Like Climbing Dog Mountain

“Fitness is a tool I use to build confidence. If somebody thinks, I’m weak, I’m fat, I’m lazy, that’s their reality. I can have them run a mile or do 20 push-ups, and then they’re like, ‘oh, my God, if I’m capable of this, what else can I do?’”
—Jillian Michaels interview, by Amy Spencer,
Redbook, October 2011 (Jillian is the former trainer from The Biggest Loser)

“How much further?” I asked, gasping for breath. My feet felt like lead.

“It’s just around the next bend,” my friend replied.

We made it around the next bend, then the next, then the next.

“Are we almost there?” I asked again, practically begging.

“Almost,” he replied, smiling over his shoulder.

We plodded on. I thought about the car keys in my pocket. The good novel in my daypack. I could so easily turn around, head back down the trail, and wait for my friends to complete the hike without me.

The knowledge that I could flake out at any time somehow kept me from quitting.

Other than my muscles screaming in protest and my lungs burning from desperately sucking in air, I was having a good time. Two years ago, serendipity placed me there on Dog Mountain in Washington state with my sister Teri and long-time friends Rob and Kim. I had warned them ahead of time that I was completely out of shape, and the only exercise I’d been doing back home in southern California was water aerobics. They didn’t mind. They said they’d take it slow and stop whenever I needed to.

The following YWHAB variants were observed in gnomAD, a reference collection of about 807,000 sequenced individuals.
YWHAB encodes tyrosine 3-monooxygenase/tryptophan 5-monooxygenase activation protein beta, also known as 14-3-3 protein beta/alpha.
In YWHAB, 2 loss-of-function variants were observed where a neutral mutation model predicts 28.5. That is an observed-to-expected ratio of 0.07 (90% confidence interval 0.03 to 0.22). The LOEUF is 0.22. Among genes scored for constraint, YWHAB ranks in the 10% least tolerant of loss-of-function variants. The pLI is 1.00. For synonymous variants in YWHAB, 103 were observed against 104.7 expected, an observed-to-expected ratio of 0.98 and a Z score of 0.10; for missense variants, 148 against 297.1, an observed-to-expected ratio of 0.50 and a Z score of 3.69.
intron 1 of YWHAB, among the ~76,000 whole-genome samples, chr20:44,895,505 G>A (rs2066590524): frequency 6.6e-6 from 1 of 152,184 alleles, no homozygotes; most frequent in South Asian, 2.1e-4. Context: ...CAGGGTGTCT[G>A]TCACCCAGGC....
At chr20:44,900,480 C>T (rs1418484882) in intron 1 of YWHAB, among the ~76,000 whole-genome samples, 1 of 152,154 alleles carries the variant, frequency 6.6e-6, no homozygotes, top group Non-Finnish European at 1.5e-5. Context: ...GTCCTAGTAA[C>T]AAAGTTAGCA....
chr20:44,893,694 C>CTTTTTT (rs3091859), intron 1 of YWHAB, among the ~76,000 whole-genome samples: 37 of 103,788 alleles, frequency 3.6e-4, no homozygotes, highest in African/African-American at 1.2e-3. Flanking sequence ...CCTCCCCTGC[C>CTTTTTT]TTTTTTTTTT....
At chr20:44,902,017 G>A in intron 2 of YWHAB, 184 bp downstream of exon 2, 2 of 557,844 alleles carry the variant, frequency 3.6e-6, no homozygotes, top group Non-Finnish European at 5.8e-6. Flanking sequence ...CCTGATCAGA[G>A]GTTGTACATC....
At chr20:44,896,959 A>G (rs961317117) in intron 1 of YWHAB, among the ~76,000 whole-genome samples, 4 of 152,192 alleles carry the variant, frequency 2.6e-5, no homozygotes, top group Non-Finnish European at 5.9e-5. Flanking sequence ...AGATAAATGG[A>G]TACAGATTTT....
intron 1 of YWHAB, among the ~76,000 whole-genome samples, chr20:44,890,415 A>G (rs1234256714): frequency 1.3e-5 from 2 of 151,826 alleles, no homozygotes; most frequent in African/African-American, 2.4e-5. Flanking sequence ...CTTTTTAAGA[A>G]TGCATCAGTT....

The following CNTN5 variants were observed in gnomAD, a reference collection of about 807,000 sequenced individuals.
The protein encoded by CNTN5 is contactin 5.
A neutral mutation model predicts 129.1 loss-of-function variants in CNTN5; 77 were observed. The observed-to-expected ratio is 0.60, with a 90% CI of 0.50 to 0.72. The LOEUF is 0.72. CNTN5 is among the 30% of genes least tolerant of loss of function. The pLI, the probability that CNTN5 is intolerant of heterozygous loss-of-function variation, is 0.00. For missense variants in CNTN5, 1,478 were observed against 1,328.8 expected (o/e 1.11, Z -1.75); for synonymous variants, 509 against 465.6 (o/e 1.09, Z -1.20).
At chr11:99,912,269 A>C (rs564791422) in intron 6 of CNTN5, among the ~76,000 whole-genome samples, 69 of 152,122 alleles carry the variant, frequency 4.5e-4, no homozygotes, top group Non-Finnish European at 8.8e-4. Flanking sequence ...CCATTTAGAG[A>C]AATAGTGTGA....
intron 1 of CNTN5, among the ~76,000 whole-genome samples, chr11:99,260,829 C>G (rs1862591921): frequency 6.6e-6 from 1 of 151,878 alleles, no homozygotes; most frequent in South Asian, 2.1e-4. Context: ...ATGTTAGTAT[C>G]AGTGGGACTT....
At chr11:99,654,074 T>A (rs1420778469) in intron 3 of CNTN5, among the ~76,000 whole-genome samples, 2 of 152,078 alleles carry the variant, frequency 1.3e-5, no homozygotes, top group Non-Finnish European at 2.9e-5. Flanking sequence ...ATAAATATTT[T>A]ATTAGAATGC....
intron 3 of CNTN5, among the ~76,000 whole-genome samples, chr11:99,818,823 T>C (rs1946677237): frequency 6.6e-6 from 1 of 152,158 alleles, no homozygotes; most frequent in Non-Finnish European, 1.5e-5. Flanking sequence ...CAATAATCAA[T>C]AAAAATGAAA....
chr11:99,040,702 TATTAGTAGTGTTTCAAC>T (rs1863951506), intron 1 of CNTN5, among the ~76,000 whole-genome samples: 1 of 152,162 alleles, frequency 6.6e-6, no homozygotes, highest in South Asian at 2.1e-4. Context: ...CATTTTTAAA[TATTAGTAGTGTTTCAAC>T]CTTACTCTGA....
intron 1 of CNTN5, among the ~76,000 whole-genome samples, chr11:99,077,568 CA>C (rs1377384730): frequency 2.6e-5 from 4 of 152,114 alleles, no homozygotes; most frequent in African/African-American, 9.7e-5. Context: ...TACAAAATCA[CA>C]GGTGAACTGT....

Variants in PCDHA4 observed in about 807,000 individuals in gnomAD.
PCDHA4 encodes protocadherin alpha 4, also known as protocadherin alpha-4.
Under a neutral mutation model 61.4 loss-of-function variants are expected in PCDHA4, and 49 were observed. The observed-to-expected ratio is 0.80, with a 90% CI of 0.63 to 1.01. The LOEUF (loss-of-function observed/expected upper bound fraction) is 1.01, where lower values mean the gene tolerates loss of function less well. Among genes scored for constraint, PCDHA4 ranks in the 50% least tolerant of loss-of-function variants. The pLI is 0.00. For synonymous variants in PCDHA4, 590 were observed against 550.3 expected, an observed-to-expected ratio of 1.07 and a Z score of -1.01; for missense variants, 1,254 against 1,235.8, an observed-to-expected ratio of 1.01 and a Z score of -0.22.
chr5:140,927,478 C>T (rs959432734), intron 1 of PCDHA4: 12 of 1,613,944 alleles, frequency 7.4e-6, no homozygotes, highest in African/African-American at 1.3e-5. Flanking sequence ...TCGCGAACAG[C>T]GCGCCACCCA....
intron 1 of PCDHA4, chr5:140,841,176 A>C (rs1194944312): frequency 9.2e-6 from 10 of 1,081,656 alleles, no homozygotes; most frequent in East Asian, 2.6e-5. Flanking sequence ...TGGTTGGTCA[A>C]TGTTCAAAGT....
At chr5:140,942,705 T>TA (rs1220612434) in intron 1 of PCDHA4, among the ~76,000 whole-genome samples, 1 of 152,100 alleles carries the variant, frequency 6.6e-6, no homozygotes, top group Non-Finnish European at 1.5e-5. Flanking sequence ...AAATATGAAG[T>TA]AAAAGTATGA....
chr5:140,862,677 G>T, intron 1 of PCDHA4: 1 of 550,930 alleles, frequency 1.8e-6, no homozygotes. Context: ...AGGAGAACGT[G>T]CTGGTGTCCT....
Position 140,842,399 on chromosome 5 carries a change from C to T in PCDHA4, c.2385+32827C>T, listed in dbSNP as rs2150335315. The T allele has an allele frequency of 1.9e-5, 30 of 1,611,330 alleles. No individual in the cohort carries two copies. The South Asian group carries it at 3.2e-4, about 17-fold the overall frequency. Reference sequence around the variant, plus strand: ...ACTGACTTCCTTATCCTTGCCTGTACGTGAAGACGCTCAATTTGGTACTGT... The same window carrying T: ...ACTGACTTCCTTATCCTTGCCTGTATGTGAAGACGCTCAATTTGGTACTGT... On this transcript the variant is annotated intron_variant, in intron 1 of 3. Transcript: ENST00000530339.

Early that morning, I should have known I was in over my head after we parked the car, donned our daypacks, and walked uphill to the restrooms near the trailhead.  I was already gasping for breath.

It was 3.8 miles to the top of the mountain. The hike was rated strenuous/difficult. The elevation gain was 2,850 feet. My desire to spend time with these three much-loved people outweighed my trepidation.

The trail was quiet and peaceful. As we walked among regal Douglas fir trees, the Columbia River winked at us through the branches. At almost every switchback, I stopped to catch my breath while my three companions waited patiently. They chatted comfortably while I concentrated on trying to get oxygen into my body.

With their patience and support, I stuck it out all the way to the top of the mountain. This was the view that awaited us. Breathtaking. Worth every gasping breath up that trail. It was a perfect, sunny day in May. Wildflowers carpeted the alpine meadow. The Columbia River in all its glory was laid out before us. The summits of Mt. Hood and Mt. St. Helens peeked at us from among the lesser mountains of the Cascade Range.

It was a memorable, life-affirming day. Besides having a grand adventure with old friends, I learned that I am capable of so much more than I give myself credit for. I didn’t quit. The sense of accomplishment was incredible.

I love Jillian’s comment: “Fitness is a tool I use to build confidence.…if I’m capable of this, what else can I do?”